I was talking with a minister the other night, just casual conversation, and we got onto the subject of the Bible. I’ve been studying the Bible in terms of how interconnected it is, lately, so I mentioned that. He said that he didn’t believe it was possible for human beings to craft anything as intricate as the Bible, and that it must therefore be inspired by God.

I’ve encountered this idea before and I usually don’t argue, because what value could there possibly be in getting into a disagreement with another Christian over such an inconsequential thing? But I do disagree with that, for one reason on the face of it, and possibly for another.

I’ve read Finnegans Wake enough times to have a little understanding of it, and I’m confident that it is more densely packed with internal and external references than the Bible. James Joyce spent twenty-three years or so working on it, filling it full of allusions to anything and everything in western civilization. The Bible is referenced a lot — especially Romans 11:32 — but so is everything else. It’s also true that every character in Finnegans Wake is also every other character, though this is easier to see when characters are the same gender. The Bible is complicated and richly textured, but the Wake is more so. On the face of it, people certainly are capable of writing something like the Bible, especially if they have a dozen or so centuries to work on it.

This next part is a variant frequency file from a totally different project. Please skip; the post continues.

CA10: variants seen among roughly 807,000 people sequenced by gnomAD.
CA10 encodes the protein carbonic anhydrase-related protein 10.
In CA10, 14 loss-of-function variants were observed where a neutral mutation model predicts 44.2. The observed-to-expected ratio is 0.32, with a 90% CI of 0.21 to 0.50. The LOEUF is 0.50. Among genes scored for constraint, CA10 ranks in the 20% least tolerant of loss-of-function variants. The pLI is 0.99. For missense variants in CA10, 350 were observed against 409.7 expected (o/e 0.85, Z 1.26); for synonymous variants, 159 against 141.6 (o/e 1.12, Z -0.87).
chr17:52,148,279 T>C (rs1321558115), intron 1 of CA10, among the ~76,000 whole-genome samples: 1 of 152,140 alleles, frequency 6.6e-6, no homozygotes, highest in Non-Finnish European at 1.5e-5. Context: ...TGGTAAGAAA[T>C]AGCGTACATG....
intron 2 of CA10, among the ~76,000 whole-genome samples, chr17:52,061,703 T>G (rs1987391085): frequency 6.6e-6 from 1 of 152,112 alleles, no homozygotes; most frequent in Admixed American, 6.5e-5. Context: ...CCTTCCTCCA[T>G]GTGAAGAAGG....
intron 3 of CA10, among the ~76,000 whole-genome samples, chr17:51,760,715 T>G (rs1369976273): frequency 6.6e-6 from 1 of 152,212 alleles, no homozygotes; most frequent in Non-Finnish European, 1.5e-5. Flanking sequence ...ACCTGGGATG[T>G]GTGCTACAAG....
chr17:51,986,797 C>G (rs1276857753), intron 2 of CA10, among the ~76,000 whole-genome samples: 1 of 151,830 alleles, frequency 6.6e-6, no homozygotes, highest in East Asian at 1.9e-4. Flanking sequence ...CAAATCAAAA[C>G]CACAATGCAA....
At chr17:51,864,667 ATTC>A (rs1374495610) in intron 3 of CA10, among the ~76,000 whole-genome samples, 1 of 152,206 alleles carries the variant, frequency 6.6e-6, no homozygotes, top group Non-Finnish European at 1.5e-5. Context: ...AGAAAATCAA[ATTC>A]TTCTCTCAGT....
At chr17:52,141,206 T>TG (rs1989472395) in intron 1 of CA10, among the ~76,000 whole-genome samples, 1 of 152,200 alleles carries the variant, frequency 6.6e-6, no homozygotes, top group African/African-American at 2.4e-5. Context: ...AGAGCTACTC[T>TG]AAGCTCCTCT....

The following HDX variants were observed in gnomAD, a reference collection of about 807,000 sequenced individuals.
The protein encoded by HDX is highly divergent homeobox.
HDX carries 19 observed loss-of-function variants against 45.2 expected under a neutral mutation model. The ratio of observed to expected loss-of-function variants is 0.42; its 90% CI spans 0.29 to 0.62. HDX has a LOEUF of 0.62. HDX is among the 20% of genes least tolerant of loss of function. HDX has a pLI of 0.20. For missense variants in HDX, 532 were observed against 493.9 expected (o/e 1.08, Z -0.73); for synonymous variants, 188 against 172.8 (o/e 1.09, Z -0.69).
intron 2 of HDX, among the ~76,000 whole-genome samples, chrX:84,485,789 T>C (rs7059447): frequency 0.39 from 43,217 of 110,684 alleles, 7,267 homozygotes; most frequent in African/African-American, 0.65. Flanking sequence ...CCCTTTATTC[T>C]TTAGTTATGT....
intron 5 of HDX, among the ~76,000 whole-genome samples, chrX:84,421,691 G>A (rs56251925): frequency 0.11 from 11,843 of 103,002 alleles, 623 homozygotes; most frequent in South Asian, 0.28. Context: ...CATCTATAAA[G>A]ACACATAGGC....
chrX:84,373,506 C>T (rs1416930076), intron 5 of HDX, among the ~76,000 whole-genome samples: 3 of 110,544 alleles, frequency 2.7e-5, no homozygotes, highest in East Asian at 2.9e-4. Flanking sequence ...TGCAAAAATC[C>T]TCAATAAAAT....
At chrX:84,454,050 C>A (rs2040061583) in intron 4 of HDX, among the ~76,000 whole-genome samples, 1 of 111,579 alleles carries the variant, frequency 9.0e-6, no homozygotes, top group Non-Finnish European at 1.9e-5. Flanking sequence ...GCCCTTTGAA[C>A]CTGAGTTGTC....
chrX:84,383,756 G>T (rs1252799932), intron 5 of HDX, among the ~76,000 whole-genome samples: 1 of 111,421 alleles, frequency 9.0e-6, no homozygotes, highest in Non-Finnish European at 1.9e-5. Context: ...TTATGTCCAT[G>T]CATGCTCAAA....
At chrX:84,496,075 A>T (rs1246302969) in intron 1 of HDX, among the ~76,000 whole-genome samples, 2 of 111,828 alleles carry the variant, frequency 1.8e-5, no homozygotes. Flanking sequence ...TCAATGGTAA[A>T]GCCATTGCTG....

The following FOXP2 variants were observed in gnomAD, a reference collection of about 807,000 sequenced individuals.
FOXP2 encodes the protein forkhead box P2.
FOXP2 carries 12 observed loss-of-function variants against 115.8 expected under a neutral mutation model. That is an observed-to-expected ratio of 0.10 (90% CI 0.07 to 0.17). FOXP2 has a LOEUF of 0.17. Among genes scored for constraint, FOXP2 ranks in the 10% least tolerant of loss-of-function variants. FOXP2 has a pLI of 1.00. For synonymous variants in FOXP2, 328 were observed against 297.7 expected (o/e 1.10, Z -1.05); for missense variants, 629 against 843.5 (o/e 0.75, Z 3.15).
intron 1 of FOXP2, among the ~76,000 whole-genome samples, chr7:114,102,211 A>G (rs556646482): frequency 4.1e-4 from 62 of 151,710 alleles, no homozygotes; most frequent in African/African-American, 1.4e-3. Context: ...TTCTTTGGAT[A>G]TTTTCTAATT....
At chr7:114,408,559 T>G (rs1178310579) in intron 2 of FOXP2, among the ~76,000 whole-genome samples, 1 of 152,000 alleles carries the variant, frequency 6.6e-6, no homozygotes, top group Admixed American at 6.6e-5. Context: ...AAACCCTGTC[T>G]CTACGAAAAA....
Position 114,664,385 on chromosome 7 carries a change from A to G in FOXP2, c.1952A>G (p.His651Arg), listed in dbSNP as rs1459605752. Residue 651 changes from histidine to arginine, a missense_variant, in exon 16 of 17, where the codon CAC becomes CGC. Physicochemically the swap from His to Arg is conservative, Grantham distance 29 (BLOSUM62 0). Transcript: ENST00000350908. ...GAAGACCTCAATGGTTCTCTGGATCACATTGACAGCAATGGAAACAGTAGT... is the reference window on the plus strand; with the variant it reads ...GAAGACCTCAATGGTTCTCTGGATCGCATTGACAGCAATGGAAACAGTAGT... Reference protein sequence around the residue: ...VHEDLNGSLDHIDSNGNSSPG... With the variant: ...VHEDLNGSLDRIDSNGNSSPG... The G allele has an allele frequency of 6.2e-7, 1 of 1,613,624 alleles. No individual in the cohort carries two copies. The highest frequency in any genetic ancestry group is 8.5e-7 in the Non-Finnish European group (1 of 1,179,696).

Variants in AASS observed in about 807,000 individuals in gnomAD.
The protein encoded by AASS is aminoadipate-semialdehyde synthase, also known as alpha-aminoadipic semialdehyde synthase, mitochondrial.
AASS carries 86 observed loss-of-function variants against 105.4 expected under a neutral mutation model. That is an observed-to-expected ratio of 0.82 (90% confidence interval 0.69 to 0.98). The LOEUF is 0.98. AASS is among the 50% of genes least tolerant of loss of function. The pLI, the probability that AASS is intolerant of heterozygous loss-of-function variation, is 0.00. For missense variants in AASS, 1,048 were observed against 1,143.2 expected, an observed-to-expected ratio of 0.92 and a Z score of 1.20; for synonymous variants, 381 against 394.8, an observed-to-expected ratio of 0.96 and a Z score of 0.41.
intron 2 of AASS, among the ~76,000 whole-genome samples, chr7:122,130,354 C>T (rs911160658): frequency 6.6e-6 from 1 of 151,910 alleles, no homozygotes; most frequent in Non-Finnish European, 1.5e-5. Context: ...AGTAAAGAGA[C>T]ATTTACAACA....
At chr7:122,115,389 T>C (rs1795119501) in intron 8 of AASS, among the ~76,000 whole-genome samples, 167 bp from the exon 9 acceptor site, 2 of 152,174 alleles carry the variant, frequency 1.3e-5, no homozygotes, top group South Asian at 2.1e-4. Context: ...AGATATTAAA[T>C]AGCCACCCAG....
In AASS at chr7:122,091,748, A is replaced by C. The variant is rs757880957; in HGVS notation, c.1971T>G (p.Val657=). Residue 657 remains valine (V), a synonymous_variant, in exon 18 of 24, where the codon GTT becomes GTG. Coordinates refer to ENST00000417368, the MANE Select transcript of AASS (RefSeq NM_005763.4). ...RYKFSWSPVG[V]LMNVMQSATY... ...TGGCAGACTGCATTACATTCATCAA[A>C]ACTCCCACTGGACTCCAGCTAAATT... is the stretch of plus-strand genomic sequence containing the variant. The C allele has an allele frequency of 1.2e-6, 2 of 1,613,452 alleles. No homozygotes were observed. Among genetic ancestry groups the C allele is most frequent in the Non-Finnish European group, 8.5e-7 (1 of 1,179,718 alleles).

The other possible reason why I might disagree with the minister has to do with how one understands “inspired by God”. Many Christians seem to hold the view that the Bible was written directly by God, either by possessing someone or by giving them the exact words He wanted written. People make this claim when they want to give authority to a specific verse that, when taken out of context, seems to say what they want it to say. There is no one — not one — who really believes that every single verse in the Bible is the inviolable word of God.

I believe — and the ELCA approves — that the writers of the Bible were regular people who had insights or revelations, and did the best they knew how to write down what they had experienced. They were, every one of them, limited by their knowledge and language, and influenced by their cultural norms. Reading the Bible responsibly includes learning about the social structures of the ancient Levant and putting the words of the Bible into their proper context. The Bible makes a lot more sense when you take the time to understand what it says.